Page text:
The Supreme Court today commuted the death sentence of Santhan, Murugan and Perarivalan the three men convicted of killing former prime minister Rajiv Gandhi to life imprisonment, rejecting the government’s view that an 11-year delay in deciding their mercy petition was not agony for them.
The convicts, Santhan, Murugan and Perarivalan, can also be released if the Tamil Nadu government grants them remission, the court ruled. The decision will be a political one ahead of the national election, due in May.
While commuting death sentence, the apex court cited the 11 years delay on the part of the Centre in deciding their mercy plea.
“We implore the government to render advice in reasonable time to the President for taking a decision on mercy pleas,” the Supreme Court bench observed, adding that, “We are confident that the mercy plea can be decided much faster than what is being done now.”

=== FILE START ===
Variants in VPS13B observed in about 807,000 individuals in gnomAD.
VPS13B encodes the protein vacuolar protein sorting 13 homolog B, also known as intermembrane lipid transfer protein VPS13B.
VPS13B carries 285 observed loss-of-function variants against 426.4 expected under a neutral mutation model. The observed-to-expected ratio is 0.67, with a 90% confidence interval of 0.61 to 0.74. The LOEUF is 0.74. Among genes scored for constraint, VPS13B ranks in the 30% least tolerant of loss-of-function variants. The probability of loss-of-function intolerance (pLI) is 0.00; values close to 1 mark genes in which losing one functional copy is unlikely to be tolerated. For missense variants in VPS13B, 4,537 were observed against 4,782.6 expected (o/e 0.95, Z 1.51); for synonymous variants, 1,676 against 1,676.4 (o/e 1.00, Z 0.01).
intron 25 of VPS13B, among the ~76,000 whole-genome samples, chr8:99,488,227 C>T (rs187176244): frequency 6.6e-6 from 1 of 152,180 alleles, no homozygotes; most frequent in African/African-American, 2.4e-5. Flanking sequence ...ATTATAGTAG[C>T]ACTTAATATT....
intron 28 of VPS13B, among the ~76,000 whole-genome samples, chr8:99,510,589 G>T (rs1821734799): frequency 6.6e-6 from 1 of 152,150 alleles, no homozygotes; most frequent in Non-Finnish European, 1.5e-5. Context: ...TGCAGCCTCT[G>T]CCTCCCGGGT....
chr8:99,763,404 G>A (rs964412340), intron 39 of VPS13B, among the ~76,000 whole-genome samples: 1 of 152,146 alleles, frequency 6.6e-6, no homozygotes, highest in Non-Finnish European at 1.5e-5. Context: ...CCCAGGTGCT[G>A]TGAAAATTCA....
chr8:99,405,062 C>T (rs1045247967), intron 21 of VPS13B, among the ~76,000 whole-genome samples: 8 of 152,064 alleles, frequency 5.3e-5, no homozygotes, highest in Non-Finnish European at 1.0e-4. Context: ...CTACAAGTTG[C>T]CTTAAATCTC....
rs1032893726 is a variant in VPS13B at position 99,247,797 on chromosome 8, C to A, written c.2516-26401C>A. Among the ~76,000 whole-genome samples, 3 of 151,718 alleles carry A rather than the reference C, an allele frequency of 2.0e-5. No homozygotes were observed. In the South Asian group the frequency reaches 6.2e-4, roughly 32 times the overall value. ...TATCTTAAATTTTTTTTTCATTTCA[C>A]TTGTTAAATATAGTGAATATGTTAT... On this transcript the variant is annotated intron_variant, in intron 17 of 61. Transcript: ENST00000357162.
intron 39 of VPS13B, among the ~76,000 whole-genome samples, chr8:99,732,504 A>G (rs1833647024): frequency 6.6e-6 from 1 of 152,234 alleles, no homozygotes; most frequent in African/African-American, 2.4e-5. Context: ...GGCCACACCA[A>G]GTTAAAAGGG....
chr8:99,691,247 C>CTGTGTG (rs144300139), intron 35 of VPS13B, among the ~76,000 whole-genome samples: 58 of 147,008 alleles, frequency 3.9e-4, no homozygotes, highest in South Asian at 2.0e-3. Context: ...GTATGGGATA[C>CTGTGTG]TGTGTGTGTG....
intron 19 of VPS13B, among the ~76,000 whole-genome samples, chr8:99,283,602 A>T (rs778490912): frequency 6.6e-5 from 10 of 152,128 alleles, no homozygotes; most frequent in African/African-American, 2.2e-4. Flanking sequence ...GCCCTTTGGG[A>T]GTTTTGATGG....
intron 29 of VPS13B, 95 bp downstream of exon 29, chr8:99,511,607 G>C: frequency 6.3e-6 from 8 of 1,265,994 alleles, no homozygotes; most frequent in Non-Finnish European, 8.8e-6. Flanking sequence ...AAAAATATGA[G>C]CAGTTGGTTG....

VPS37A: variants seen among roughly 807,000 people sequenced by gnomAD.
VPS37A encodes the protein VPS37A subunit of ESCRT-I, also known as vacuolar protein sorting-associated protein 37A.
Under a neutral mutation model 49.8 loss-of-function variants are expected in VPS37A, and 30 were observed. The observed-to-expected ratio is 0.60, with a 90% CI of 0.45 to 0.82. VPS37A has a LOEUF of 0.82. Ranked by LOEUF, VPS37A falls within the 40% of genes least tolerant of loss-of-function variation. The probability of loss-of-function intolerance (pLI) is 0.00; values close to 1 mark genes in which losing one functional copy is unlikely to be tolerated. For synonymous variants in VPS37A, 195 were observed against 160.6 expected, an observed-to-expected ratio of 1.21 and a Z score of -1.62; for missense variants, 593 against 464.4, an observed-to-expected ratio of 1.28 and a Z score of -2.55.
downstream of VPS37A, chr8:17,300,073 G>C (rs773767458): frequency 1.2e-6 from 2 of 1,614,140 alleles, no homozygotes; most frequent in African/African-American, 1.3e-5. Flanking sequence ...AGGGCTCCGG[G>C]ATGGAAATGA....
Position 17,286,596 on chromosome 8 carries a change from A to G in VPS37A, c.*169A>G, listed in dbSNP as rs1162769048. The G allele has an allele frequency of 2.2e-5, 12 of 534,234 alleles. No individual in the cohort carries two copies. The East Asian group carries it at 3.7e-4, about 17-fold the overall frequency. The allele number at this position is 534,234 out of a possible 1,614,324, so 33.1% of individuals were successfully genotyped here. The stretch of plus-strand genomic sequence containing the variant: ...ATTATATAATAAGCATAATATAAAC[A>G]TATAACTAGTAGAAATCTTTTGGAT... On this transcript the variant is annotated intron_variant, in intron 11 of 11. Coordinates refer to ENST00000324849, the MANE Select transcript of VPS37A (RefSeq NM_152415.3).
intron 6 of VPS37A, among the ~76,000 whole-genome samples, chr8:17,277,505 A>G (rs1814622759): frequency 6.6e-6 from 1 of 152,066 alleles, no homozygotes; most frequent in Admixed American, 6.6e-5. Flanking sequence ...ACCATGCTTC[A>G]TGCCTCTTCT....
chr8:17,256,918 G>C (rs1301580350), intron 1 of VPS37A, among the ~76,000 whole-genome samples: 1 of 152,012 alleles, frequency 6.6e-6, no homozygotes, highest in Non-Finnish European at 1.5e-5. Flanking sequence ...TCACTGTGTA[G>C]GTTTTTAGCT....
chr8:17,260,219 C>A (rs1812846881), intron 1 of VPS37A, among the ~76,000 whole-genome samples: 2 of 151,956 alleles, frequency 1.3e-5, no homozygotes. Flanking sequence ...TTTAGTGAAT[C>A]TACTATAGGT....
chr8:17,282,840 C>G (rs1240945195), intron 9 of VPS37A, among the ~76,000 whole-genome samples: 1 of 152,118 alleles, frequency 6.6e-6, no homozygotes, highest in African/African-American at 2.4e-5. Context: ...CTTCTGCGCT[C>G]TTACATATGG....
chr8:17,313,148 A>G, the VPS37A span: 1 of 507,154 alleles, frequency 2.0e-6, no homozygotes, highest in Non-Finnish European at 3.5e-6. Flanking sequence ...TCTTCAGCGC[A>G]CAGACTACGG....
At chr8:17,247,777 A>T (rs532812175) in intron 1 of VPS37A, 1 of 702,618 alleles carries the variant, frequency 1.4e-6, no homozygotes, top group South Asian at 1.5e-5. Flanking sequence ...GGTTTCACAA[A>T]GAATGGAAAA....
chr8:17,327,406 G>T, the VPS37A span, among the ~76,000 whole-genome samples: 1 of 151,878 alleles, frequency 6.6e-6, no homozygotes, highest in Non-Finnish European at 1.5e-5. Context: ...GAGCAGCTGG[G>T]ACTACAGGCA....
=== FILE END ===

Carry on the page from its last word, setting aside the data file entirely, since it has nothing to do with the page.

The court had held that prolonging execution of capital sentence has a “dehumanizing effect” on condemned prisoners who have to face the “agony” of waiting for years under the shadow of death during the pendency of their mercy plea.
The verdict follows the Supreme Court’s January 21 order commuting the death sentences of 15 convicts, announcing that “inordinate and inexplicable” delays in carrying out executions were grounds for reducing their original punishment.
Santhan, Perarivalan and Murugan were convicted in 1998 for Mr Gandhi’s assassination in 1991. Their mercy petition was sent to the President of India, the last stage in the process of appeals, in 2000 and was rejected 11 years later. Their hanging was stayed in 2011 on the orders of the Madras High Court.
Murugan’s wife Nalini was also sentenced to death but it was commuted to life on the intervention of Rajiv Gandhi’s widow Sonia Gandhi.